The Wonders of Water

The wonders of water are so many and are crucial for life on earth. If our planet were only a little closer to or further from the sun, earth’s water would be either evaporated away or frozen as ice.

So many of our planet’s forms of life are dependent on an environment in which liquid water is stable. This means that the earth must not be too close or too far from the sun. Astronomers estimate that if the distance from the earth to the sun changed by as little as 2 percent, all life would be extinguished as water either froze or evaporated.

Another factor making life on earth possible is an unusual characteristic of water when it freezes into ice. Water is such a common substance that most of us do not stop to consider that the balance of life depends on its simple physical properties.

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The almost universal behavior for liquids is that when they get cooler, they become more dense, until their molecules virtually stand still. They freeze in their most dense state. Not water. What happens with water is that while it does get denser as it gets colder, when it reaches about 38° F the process stops. And when the temperature drops just six more degrees, it quickly expands and then freezes. That’s why ice floats.

One of the wonders of water is that it is one of the few substances that expands when frozen. Most substances when frozen become denser and sink when placed in a container of the same substance in liquid form. But this isn’t the case with ice in water. Since water expands by one tenth its volume when frozen, frozen water has the unusual characteristic of floating on top of liquid water.

When rivers and lakes freeze in the winter, they freeze at the surface, with the ice forming an insulating barrier that prevents the denser water underneath from freezing and thereby preserving aquatic life during very cold weather. If ice acted like almost all other compounds, it would sink, and rivers and lakes would freeze from the bottom up. All bodies of water would eventually become solid bodies of ice, eliminating most life as we know it.

Another property of water, just like density above which is weird is cohesion. The way the water molecule is formed and the nature of the elements from which it’s made result in creating a liquid with a surface “skin.” It’s this skin that dimples under the feet of the fascinating spider-like water strider, spreads its widening wake behind the zooming little water-boatman beetle, and forms the concentric circles advancing outward from the impact point of a child-thrown stone. Even a sewing needle can be made to float on the cohesive surface of water. This cohesion, or surface tension, also makes water form the droplets so vital to other life processes—especially important to the form and function of the living cell.

 

Adhesion. While cohesion causes water molecules to stick together, adhesion helps water stick to other things. We experience this when we try to separate solid glass sheets that have virtually bonded themselves with a thin layer of water. It takes a lot of energy to pull them apart.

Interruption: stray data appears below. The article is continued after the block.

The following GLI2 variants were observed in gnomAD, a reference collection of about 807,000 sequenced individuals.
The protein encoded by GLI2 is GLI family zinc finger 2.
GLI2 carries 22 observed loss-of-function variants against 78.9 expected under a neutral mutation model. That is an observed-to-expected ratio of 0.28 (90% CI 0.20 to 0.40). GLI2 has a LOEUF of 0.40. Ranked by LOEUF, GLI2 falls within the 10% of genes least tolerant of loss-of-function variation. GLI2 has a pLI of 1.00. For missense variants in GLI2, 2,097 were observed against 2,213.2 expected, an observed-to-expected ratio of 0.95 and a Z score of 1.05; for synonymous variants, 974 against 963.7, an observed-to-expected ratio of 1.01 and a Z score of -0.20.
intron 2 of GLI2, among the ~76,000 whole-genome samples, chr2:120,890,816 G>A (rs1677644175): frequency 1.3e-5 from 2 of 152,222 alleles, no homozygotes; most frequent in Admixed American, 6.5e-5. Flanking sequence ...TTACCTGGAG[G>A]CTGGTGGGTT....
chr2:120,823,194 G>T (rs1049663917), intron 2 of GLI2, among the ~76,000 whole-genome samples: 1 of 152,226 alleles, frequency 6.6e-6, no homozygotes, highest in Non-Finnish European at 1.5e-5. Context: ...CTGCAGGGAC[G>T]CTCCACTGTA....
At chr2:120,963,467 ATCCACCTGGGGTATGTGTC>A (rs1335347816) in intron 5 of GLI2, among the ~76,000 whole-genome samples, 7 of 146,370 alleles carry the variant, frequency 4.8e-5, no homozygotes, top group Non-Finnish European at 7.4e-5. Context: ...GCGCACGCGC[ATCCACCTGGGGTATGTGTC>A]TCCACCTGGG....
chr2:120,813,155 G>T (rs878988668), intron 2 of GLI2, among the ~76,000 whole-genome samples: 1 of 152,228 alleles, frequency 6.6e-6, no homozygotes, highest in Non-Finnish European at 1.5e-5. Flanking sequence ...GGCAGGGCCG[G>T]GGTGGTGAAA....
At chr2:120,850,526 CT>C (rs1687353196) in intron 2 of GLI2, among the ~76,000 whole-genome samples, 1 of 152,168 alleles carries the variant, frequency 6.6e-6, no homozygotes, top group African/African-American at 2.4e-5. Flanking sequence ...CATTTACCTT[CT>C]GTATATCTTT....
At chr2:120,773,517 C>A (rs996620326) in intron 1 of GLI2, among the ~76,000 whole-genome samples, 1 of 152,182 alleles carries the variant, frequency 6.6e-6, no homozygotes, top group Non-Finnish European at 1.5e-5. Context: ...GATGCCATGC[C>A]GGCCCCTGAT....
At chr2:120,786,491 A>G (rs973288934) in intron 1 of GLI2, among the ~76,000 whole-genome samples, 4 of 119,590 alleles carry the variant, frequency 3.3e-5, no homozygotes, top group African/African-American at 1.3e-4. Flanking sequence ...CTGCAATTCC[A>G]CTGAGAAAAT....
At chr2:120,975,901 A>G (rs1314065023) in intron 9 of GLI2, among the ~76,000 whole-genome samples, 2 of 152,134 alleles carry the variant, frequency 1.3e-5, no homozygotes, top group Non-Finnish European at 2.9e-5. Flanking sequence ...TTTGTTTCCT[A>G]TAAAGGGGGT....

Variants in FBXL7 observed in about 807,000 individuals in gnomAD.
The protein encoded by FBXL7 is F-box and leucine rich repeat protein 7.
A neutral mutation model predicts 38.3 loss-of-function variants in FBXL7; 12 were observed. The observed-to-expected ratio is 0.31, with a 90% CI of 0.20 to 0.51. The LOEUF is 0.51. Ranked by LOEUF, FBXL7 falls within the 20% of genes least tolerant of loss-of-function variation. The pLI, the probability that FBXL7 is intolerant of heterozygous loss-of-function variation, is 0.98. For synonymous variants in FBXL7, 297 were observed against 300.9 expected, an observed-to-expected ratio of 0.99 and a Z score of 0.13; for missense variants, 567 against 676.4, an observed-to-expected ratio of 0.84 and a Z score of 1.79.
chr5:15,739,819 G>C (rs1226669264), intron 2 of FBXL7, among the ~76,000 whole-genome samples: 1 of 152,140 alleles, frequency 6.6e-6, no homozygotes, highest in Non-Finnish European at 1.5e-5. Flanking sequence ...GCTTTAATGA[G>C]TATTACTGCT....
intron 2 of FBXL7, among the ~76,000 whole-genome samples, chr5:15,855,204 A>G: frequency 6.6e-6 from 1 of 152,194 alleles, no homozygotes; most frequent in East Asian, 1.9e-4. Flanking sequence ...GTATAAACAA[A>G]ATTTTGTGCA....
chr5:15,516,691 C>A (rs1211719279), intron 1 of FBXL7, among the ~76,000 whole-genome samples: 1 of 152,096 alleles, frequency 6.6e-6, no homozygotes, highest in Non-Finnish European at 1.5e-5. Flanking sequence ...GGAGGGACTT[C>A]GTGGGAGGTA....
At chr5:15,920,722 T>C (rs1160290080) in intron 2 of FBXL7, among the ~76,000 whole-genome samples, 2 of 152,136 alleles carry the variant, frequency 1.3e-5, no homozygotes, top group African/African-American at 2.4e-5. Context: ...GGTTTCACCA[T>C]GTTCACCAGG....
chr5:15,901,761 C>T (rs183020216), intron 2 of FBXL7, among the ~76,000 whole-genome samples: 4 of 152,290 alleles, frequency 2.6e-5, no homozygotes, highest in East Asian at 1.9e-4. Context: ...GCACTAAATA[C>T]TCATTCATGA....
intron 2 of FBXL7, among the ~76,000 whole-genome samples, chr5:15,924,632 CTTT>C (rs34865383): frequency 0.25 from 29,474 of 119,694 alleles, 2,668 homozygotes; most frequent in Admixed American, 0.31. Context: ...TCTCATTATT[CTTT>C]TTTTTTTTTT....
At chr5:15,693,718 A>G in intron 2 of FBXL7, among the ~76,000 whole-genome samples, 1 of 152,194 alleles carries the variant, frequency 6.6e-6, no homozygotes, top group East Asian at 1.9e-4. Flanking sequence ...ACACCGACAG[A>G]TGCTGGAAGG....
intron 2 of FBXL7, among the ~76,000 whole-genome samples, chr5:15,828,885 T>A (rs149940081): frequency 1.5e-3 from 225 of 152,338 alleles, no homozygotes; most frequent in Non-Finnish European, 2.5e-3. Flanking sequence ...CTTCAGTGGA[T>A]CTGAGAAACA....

It’s this same adhesive force that creates capillarity: the tendency of a liquid in a capillary tube or absorbent material to rise or fall as a result of surface tension.. Cohesion and adhesion, two wonders of water,  in tandem make water molecules sort of reach up and grab the sides of a tube, and seemingly in defiance of gravity, pull themselves upward, while at the same time they reach down and grab fellow molecules and pull them along. It’s this property that allows water to move up through living plants and move the way blood moves through the capillaries of our bodies.

Water is the earth’s thermostat and the human body’s thermal regulator. With other similar substances, water would be expected to become a gas at room temperature. It’s wondrous thing that life exists because it doesn’t. Some water, however, does escape the surface of its liquid state and become vapor through the process of evaporation. Evaporation cools the surface area where it occurs. How it does this is itself a wonder: Heat applied to the surface of water causes the top molecules to “dance” with the higher temperature. Eventually these heat-energized molecules vaporize, rising like hot air balloons. This leaves behind the cooler molecules, lowering the temperature of the body from which it has escaped.

Water also stores heat extremely well and gives it up reluctantly. Water’s ability to store heat and then hold it is just one more way that it supports life on earth. If it didn’t make up nearly 80 percent of the earth’s surface and didn’t store heat, the earth’s temperature fluctuation would become so extreme that all life would quickly cease to exist.

One of the wonders of water is its property of being a solvent: it is called the universal solvent. Virtually all the naturally occurring elements have been found dissolved in water, from calcium to phosporous. And it’s clearly no accident that the most common elements in water are the most common elements in the human body. Up to 60% of the human adult body is water. According to H.H. Mitchell, Journal of Biological Chemistry 158, the brain and heart are composed of 73% water, and the lungs are about 83% water. The skin contains 64% water, muscles and kidneys are 79%, and even the bones are watery: 31%.Of all the work that water does in, around, and for people, one of its most important jobs is its capacity to carry to every human cell the dissolved nutrients and critical components we need to live and remain healthy.

 

Source: Wikipedia